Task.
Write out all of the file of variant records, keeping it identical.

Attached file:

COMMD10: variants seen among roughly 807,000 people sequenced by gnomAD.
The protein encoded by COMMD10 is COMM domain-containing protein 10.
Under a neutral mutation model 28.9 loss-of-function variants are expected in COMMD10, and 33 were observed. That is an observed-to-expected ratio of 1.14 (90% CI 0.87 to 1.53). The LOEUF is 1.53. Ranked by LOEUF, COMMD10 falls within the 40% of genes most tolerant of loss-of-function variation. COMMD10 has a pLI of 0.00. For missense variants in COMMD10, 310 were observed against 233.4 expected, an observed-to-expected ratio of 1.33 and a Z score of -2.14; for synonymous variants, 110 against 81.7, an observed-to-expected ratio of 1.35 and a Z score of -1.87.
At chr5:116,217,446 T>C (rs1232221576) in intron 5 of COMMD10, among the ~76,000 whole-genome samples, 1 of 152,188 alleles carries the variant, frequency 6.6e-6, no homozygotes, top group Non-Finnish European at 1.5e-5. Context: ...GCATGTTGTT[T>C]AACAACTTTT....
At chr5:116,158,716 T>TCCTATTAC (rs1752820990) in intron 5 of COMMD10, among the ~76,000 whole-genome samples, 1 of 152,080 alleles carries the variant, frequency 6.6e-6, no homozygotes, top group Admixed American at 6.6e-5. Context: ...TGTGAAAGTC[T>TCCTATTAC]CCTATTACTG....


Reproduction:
COMMD10: variants seen among roughly 807,000 people sequenced by gnomAD.
The protein encoded by COMMD10 is COMM domain-containing protein 10.
Under a neutral mutation model 28.9 loss-of-function variants are expected in COMMD10, and 33 were observed. That is an observed-to-expected ratio of 1.14 (90% CI 0.87 to 1.53). The LOEUF is 1.53. Ranked by LOEUF, COMMD10 falls within the 40% of genes most tolerant of loss-of-function variation. COMMD10 has a pLI of 0.00. For missense variants in COMMD10, 310 were observed against 233.4 expected, an observed-to-expected ratio of 1.33 and a Z score of -2.14; for synonymous variants, 110 against 81.7, an observed-to-expected ratio of 1.35 and a Z score of -1.87.
At chr5:116,217,446 T>C (rs1232221576) in intron 5 of COMMD10, among the ~76,000 whole-genome samples, 1 of 152,188 alleles carries the variant, frequency 6.6e-6, no homozygotes, top group Non-Finnish European at 1.5e-5. Context: ...GCATGTTGTT[T>C]AACAACTTTT....
At chr5:116,158,716 T>TCCTATTAC (rs1752820990) in intron 5 of COMMD10, among the ~76,000 whole-genome samples, 1 of 152,080 alleles carries the variant, frequency 6.6e-6, no homozygotes, top group Admixed American at 6.6e-5. Context: ...TGTGAAAGTC[T>TCCTATTAC]CCTATTACTG....